Filling in the missing links on history of harbour chain

The mighty chain that stretched across the harbour
The mighty chain that stretched across the harbour
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To most of us, the city of Portsmouth has only been in danger of attack during the Second World War.

The submarine boom defence, still in place east of South Parade Pier, was constructed during the First World War to stop German U-boats entering the harbour. And that is about all people know.

But there was another harbour boom defence put across the harbour mouth some time after 1518 during the reign of Henry VIII.

Bishop Fox of Winchester had written to Lord Chancellor Cardinal Wolsey saying that ‘if war were intended against England, the Isle of Wight and Portsmouth are too feeble for defence’.

Shortly after, work started on making a massive iron-linked chain to be drawn across the harbour mouth. It would be lowered and raised by capstan.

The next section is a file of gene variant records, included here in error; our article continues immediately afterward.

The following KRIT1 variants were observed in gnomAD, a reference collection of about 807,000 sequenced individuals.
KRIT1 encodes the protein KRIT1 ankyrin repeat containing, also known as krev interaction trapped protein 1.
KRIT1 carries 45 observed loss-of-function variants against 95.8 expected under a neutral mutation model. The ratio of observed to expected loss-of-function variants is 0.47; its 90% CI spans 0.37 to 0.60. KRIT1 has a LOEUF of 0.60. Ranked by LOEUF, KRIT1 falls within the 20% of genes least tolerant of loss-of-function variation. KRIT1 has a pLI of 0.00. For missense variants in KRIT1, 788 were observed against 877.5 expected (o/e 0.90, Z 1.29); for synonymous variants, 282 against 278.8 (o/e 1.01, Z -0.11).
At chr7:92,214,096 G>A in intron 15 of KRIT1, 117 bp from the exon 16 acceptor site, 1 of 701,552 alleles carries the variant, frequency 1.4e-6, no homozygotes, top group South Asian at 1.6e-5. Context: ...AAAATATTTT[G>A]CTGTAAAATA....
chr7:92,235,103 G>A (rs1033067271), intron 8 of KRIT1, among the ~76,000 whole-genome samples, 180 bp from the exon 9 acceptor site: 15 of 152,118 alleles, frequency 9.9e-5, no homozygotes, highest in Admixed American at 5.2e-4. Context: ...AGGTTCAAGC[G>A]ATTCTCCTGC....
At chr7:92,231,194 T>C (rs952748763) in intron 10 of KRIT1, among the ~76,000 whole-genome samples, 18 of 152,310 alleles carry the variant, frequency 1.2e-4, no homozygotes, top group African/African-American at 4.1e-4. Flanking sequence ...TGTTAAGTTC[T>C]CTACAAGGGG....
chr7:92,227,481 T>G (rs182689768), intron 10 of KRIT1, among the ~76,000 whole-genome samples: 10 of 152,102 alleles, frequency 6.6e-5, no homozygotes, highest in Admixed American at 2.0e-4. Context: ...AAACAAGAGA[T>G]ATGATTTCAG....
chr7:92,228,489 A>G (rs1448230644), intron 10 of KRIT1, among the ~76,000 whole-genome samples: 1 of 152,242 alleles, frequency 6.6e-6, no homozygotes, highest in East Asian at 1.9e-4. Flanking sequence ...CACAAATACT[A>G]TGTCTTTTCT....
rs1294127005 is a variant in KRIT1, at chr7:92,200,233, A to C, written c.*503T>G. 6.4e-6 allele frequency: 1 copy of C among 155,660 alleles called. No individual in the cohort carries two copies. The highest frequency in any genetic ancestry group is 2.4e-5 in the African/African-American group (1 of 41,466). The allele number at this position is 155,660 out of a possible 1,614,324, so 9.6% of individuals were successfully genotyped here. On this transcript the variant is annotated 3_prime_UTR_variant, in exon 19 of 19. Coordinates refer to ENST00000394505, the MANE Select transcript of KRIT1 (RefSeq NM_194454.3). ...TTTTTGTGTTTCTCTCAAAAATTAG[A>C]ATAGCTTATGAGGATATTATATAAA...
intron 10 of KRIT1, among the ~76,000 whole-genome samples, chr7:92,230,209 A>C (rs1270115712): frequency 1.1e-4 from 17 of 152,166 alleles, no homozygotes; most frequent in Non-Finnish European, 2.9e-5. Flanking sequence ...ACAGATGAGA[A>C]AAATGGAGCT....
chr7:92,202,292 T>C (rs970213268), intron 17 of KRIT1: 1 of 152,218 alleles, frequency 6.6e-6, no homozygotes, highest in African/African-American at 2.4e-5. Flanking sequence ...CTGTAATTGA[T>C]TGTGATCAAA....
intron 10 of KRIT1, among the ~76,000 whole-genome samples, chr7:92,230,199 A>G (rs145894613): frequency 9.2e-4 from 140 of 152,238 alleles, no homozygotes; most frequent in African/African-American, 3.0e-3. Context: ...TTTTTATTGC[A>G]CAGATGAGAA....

In 1533 John Leyland was appointed King’s Antiquary, the first to hold the post, and in 1543 he arrived in Portsmouth and described the chain defence thus: ‘There is this point of the haven (harbour entrance) Portsmouth town and a great round tower with another across the haven. Here there is a mighty chain of iron from tower to tower.’

It must have reassured local people, for France believed she could take the town because a massive fleet of 150 ships and 75 oared coasters with 60,000 men on board and only a little inferior to the mighty Spanish Armada that threatened the country 50 years later, was ready to strike at Portsmouth and the Isle of Wight.

On July 17, 1545, the English fleet of 100 ships went out to meet the French as they appeared off St Helens. With little room to manoeuvre ,the English withdrew to the harbour mouth and the French, knowing there was no point in trying to land until the English fleet had been crippled, sailed for home.

There was one great loss during the meeting, the carrack Mary Rose foundered within site of Southsea Castle and Henry VIII.

The chain remained in use for many years but was believed to have been dismantled in the 17th century.

Part of it was found in the 1930s by workmen digging alongside the Round Tower and a link is on show nearby.

What happened to the rest of it I do not know, but it must be somewhere.